As cannabis prohibition laws crumble seemingly by the day, it’s allowing more research to be performed on this psychoactive substance that has long been a part of the human experience.
The first study to analyze the effects of cannabis on driving performance found that it caused almost no impairment. The impairment that it did cause was similar to that observed under the influence of a legal alcohol limit.
Researchers at the University of Iowa’s National Advanced Driving Simulator carried out the study, sponsored by National Highway Traffic Safety Administration, National Institute of Drug Abuse, and the Office of National Drug Control Policy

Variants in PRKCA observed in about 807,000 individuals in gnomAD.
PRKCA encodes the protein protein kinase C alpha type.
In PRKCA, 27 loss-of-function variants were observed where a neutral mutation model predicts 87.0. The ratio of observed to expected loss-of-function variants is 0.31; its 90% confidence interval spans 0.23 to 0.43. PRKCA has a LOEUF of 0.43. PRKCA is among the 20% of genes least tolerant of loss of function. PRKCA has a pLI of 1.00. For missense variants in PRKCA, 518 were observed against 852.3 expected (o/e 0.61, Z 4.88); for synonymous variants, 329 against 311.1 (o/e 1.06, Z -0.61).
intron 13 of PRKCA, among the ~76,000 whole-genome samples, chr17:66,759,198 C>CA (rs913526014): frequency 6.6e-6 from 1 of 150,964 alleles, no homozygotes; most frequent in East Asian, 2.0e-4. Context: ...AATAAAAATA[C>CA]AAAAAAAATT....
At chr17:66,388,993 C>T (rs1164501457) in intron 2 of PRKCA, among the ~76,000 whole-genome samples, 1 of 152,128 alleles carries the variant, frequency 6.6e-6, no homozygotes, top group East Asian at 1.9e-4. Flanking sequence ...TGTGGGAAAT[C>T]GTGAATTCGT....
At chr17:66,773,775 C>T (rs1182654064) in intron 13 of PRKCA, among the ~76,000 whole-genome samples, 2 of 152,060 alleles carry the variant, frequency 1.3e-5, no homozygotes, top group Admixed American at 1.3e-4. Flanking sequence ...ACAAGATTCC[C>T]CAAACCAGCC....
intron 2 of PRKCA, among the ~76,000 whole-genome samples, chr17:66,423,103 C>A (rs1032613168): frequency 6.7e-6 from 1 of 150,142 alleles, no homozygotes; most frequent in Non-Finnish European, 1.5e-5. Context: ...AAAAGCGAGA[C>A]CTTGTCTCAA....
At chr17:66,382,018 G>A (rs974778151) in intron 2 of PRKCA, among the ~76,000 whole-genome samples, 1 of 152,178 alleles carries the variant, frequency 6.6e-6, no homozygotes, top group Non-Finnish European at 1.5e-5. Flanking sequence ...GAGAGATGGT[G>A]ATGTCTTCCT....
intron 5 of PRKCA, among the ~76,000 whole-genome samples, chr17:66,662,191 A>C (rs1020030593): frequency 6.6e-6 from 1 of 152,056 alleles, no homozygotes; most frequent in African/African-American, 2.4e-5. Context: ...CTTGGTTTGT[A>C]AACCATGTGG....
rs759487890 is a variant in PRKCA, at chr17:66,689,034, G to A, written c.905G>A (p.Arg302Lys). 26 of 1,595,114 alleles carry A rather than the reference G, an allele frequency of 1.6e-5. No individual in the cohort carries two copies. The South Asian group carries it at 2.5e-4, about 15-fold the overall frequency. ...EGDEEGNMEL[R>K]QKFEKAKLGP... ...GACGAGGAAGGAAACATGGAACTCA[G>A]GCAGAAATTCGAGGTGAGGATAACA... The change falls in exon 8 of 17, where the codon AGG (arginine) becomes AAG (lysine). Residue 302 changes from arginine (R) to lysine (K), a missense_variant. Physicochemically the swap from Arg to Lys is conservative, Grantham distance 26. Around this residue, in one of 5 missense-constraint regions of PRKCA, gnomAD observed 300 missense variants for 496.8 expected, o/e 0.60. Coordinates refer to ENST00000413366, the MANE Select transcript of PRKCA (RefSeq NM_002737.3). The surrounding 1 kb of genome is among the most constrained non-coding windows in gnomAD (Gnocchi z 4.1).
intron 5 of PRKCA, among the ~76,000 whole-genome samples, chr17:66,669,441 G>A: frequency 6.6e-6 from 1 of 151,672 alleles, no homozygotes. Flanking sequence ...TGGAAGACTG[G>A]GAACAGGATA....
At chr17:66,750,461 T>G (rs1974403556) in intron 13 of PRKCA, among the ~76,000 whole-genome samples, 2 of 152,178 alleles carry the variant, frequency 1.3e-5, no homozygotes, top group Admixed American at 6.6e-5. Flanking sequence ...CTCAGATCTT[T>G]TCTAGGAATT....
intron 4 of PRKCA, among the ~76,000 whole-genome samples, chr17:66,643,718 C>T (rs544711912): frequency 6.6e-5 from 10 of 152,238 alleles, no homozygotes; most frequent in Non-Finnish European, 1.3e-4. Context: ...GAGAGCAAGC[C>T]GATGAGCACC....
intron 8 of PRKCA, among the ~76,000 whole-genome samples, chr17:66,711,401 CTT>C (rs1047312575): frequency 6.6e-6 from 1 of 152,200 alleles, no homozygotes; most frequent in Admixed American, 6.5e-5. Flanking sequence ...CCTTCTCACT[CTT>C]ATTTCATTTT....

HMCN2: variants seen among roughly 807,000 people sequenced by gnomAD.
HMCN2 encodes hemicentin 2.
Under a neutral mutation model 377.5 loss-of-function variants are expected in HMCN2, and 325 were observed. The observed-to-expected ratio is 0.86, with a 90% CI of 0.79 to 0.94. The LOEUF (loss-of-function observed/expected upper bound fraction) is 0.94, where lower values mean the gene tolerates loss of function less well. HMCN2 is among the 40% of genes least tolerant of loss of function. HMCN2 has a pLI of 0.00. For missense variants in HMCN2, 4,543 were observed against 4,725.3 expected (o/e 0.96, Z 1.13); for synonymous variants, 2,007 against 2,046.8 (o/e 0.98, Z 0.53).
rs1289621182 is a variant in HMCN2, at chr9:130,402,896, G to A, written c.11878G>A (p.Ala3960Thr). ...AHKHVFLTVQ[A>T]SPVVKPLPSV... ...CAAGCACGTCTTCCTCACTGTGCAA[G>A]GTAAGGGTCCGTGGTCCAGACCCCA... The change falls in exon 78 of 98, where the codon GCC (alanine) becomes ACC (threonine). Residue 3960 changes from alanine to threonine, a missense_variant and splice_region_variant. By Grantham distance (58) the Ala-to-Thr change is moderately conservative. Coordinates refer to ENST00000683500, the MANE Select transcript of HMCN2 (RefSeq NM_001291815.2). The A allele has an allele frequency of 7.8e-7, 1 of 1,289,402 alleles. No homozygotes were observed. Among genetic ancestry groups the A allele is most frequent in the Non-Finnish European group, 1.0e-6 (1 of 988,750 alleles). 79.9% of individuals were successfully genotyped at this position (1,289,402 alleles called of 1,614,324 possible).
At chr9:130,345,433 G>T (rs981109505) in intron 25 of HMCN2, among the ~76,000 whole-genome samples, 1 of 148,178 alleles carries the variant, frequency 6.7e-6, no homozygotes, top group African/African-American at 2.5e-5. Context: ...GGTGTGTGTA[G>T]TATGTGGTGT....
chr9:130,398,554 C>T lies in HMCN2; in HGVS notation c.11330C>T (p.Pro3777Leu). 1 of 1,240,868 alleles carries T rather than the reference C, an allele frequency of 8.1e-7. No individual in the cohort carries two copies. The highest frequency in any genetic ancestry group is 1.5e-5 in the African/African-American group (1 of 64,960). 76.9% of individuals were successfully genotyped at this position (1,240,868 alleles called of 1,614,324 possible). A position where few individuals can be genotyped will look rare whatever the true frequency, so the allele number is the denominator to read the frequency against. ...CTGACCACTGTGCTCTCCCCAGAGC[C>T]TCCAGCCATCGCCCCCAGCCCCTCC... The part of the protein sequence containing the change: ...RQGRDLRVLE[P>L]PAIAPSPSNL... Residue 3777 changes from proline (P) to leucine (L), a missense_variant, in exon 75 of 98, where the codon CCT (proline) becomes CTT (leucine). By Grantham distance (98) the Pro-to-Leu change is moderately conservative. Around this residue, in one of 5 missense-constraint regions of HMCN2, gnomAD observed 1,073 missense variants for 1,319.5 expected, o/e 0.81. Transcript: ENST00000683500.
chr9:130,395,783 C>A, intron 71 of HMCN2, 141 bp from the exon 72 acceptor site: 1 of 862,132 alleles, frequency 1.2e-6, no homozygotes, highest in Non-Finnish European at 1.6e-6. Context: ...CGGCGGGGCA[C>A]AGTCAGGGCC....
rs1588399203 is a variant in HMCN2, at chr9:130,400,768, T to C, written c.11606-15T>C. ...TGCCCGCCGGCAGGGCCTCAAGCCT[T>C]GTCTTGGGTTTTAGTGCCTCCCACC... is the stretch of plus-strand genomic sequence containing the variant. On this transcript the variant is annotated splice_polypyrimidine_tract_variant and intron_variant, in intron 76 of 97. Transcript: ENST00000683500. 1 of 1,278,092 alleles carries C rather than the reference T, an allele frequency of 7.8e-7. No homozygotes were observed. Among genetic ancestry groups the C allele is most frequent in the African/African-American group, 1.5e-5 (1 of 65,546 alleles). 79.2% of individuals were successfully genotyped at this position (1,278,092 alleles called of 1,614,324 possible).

“ONCE IN THE SIMULATOR—A 1996 MALIBU SEDAN MOUNTED IN A 24-FEET DIAMETER DOME—THE DRIVERS WERE ASSESSED ON WEAVING WITHIN THE LANE, HOW OFTEN THE CAR LEFT THE LANE, AND THE SPEED OF THE WEAVING. DRIVERS WITH ONLY ALCOHOL IN THEIR SYSTEMS SHOWED IMPAIRMENT IN ALL THREE AREAS WHILE THOSE STRICTLY UNDER THE INFLUENCE OF VAPORIZED CANNABIS ONLY DEMONSTRATED PROBLEMS WEAVING WITHIN THE LANE.
DRIVERS WITH BLOOD CONCENTRATIONS OF 13.1 UG/L THC, OR DELTA-9-TETRAHYDROCANNABINOL, THE ACTIVE INGREDIENT IN MARIJUANA, SHOWED INCREASED WEAVING THAT WAS SIMILAR TO THOSE WITH A .08 BREATH ALCOHOL CONCENTRATION, THE LEGAL LIMIT IN MOST STATES. THE LEGAL LIMIT FOR THC IN WASHINGTON AND COLORADO IS 5 UG/L, THE SAME AMOUNT OTHER STATES HAVE CONSIDERED.”
As expected, there was impairment in all areas when alcohol and cannabis were mixed. But cannabis itself, when taken in moderate amounts, seems to cause no significant driving impairment.